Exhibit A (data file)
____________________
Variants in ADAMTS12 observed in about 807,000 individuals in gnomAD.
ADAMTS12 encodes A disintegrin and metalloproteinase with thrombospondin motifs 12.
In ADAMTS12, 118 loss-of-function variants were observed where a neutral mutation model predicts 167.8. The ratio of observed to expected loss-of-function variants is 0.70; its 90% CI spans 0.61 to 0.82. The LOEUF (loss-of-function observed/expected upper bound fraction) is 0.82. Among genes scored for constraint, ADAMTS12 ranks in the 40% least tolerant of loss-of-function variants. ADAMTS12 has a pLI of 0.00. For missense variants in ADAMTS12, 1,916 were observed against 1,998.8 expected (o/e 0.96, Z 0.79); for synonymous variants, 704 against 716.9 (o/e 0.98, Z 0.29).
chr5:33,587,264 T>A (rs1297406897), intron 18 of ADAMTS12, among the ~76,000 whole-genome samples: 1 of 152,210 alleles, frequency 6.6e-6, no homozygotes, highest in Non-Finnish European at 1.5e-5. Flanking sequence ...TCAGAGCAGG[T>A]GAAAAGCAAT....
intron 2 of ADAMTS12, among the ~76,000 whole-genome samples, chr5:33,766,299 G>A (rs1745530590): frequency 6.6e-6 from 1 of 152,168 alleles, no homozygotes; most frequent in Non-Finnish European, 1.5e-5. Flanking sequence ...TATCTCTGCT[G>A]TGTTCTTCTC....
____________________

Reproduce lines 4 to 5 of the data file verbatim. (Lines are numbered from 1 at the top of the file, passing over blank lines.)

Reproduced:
chr5:33,587,264 T>A (rs1297406897), intron 18 of ADAMTS12, among the ~76,000 whole-genome samples: 1 of 152,210 alleles, frequency 6.6e-6, no homozygotes, highest in Non-Finnish European at 1.5e-5. Flanking sequence ...TCAGAGCAGG[T>A]GAAAAGCAAT....
intron 2 of ADAMTS12, among the ~76,000 whole-genome samples, chr5:33,766,299 G>A (rs1745530590): frequency 6.6e-6 from 1 of 152,168 alleles, no homozygotes; most frequent in Non-Finnish European, 1.5e-5. Flanking sequence ...TATCTCTGCT[G>A]TGTTCTTCTC....